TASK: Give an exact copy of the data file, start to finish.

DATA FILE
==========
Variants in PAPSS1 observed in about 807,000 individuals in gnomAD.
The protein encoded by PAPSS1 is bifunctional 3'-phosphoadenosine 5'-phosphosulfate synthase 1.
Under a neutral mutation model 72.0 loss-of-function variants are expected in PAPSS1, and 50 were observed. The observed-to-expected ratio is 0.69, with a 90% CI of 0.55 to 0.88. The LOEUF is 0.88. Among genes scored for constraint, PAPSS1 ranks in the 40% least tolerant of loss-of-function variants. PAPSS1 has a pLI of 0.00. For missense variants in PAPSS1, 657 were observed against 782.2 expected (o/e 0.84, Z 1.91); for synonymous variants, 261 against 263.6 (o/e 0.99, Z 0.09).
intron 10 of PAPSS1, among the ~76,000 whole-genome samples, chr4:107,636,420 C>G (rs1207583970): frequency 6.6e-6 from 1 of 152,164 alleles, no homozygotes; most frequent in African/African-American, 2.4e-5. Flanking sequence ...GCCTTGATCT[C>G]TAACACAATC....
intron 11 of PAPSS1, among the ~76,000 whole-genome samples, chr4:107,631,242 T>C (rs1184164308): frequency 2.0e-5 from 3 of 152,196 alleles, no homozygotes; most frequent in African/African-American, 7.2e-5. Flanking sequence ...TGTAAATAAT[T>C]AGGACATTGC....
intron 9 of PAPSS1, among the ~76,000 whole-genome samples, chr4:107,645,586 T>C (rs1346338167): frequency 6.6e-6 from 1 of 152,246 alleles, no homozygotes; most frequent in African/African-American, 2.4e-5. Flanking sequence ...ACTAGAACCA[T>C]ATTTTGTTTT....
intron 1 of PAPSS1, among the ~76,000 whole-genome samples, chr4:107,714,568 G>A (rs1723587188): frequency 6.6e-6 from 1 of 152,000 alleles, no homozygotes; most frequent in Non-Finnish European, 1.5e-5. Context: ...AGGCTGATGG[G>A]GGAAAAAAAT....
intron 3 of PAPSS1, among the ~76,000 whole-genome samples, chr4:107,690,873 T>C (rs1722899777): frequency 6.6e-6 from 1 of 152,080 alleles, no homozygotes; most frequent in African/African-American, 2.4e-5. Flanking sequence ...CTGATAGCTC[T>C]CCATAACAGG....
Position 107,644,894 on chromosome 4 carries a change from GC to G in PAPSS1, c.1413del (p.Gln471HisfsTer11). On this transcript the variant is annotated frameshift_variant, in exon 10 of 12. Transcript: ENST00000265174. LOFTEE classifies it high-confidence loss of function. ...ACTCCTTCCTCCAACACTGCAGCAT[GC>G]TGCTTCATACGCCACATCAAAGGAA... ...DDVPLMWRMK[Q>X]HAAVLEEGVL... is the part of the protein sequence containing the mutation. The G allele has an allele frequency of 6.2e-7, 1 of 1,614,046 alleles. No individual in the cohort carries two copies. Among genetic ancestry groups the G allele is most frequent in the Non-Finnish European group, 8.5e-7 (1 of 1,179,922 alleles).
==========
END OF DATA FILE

Variants in PAPSS1 observed in about 807,000 individuals in gnomAD.
The protein encoded by PAPSS1 is bifunctional 3'-phosphoadenosine 5'-phosphosulfate synthase 1.
Under a neutral mutation model 72.0 loss-of-function variants are expected in PAPSS1, and 50 were observed. The observed-to-expected ratio is 0.69, with a 90% CI of 0.55 to 0.88. The LOEUF is 0.88. Among genes scored for constraint, PAPSS1 ranks in the 40% least tolerant of loss-of-function variants. PAPSS1 has a pLI of 0.00. For missense variants in PAPSS1, 657 were observed against 782.2 expected (o/e 0.84, Z 1.91); for synonymous variants, 261 against 263.6 (o/e 0.99, Z 0.09).
intron 10 of PAPSS1, among the ~76,000 whole-genome samples, chr4:107,636,420 C>G (rs1207583970): frequency 6.6e-6 from 1 of 152,164 alleles, no homozygotes; most frequent in African/African-American, 2.4e-5. Flanking sequence ...GCCTTGATCT[C>G]TAACACAATC....
intron 11 of PAPSS1, among the ~76,000 whole-genome samples, chr4:107,631,242 T>C (rs1184164308): frequency 2.0e-5 from 3 of 152,196 alleles, no homozygotes; most frequent in African/African-American, 7.2e-5. Flanking sequence ...TGTAAATAAT[T>C]AGGACATTGC....
intron 9 of PAPSS1, among the ~76,000 whole-genome samples, chr4:107,645,586 T>C (rs1346338167): frequency 6.6e-6 from 1 of 152,246 alleles, no homozygotes; most frequent in African/African-American, 2.4e-5. Flanking sequence ...ACTAGAACCA[T>C]ATTTTGTTTT....
intron 1 of PAPSS1, among the ~76,000 whole-genome samples, chr4:107,714,568 G>A (rs1723587188): frequency 6.6e-6 from 1 of 152,000 alleles, no homozygotes; most frequent in Non-Finnish European, 1.5e-5. Context: ...AGGCTGATGG[G>A]GGAAAAAAAT....
intron 3 of PAPSS1, among the ~76,000 whole-genome samples, chr4:107,690,873 T>C (rs1722899777): frequency 6.6e-6 from 1 of 152,080 alleles, no homozygotes; most frequent in African/African-American, 2.4e-5. Flanking sequence ...CTGATAGCTC[T>C]CCATAACAGG....
Position 107,644,894 on chromosome 4 carries a change from GC to G in PAPSS1, c.1413del (p.Gln471HisfsTer11). On this transcript the variant is annotated frameshift_variant, in exon 10 of 12. Transcript: ENST00000265174. LOFTEE classifies it high-confidence loss of function. ...ACTCCTTCCTCCAACACTGCAGCAT[GC>G]TGCTTCATACGCCACATCAAAGGAA... ...DDVPLMWRMK[Q>X]HAAVLEEGVL... is the part of the protein sequence containing the mutation. The G allele has an allele frequency of 6.2e-7, 1 of 1,614,046 alleles. No individual in the cohort carries two copies. Among genetic ancestry groups the G allele is most frequent in the Non-Finnish European group, 8.5e-7 (1 of 1,179,922 alleles).